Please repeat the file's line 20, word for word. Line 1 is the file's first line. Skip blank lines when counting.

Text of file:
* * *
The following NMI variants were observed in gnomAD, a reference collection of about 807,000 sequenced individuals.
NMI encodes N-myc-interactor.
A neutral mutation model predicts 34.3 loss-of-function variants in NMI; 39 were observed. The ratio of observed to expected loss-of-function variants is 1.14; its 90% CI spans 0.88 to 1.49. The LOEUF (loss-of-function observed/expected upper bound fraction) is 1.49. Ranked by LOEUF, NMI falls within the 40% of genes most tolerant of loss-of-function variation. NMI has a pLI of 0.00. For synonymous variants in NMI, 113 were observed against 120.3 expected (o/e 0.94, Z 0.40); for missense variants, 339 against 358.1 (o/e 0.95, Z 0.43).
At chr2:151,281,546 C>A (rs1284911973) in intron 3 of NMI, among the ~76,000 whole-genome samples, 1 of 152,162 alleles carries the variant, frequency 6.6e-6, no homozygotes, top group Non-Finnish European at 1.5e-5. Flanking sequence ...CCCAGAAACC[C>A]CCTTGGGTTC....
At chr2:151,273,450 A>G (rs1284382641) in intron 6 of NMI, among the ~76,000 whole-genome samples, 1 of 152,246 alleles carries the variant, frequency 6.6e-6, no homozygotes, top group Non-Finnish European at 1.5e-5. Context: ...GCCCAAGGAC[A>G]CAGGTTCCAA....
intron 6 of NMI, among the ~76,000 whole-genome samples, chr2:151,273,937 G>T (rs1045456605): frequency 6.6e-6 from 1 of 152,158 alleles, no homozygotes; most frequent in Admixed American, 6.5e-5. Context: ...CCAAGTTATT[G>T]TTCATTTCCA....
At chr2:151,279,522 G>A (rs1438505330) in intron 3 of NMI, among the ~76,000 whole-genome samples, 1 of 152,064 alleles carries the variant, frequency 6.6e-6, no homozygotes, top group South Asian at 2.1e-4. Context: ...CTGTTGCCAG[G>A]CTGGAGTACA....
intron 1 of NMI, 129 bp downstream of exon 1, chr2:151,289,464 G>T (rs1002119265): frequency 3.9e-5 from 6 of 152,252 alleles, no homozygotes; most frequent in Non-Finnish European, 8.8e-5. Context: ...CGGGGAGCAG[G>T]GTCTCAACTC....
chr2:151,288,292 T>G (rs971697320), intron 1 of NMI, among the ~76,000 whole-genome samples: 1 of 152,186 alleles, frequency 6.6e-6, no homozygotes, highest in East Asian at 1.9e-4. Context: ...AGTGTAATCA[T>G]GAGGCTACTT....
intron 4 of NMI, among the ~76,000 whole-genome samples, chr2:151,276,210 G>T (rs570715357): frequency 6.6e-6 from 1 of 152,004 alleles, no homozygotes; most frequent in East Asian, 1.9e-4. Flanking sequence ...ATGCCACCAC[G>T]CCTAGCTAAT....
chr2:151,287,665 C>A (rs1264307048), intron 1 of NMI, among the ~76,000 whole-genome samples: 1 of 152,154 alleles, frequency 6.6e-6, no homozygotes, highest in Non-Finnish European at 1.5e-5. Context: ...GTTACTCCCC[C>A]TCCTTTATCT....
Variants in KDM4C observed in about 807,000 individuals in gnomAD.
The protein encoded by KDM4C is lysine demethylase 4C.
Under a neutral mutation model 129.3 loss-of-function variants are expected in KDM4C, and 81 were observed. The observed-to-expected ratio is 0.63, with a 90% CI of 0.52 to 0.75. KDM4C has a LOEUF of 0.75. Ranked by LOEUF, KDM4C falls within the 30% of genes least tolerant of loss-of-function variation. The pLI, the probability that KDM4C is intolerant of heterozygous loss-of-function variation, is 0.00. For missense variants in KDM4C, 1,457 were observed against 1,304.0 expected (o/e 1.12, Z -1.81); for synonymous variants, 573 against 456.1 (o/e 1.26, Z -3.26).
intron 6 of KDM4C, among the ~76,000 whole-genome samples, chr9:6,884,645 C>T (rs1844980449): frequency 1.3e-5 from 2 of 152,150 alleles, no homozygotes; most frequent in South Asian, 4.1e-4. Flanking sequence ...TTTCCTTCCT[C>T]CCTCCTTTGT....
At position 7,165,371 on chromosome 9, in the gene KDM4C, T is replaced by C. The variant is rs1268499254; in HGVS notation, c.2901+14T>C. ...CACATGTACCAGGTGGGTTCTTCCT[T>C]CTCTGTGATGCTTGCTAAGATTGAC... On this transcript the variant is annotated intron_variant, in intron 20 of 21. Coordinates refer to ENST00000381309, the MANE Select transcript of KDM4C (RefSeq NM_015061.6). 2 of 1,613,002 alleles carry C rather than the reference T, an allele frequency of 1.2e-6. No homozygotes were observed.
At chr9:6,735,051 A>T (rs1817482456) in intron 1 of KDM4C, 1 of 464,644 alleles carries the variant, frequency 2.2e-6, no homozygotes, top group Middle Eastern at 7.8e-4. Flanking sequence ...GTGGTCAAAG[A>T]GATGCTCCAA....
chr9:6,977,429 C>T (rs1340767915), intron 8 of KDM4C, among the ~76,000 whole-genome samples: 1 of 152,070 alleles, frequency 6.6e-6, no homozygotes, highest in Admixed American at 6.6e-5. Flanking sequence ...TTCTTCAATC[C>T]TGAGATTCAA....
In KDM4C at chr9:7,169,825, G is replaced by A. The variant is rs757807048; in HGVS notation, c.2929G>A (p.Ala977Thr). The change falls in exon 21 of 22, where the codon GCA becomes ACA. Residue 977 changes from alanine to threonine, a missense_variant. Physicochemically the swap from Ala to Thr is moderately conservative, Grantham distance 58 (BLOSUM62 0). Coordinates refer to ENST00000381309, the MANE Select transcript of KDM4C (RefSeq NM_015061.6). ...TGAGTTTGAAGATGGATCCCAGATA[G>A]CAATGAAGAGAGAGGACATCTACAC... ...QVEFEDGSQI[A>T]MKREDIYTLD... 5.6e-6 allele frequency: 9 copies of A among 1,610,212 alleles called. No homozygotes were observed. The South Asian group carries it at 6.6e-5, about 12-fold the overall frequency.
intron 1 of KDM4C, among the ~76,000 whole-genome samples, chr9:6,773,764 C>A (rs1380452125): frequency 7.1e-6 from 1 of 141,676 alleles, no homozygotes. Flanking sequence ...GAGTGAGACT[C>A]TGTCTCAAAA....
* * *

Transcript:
intron 1 of KDM4C, among the ~76,000 whole-genome samples, chr9:6,773,764 C>A (rs1380452125): frequency 7.1e-6 from 1 of 141,676 alleles, no homozygotes. Flanking sequence ...GAGTGAGACT[C>A]TGTCTCAAAA....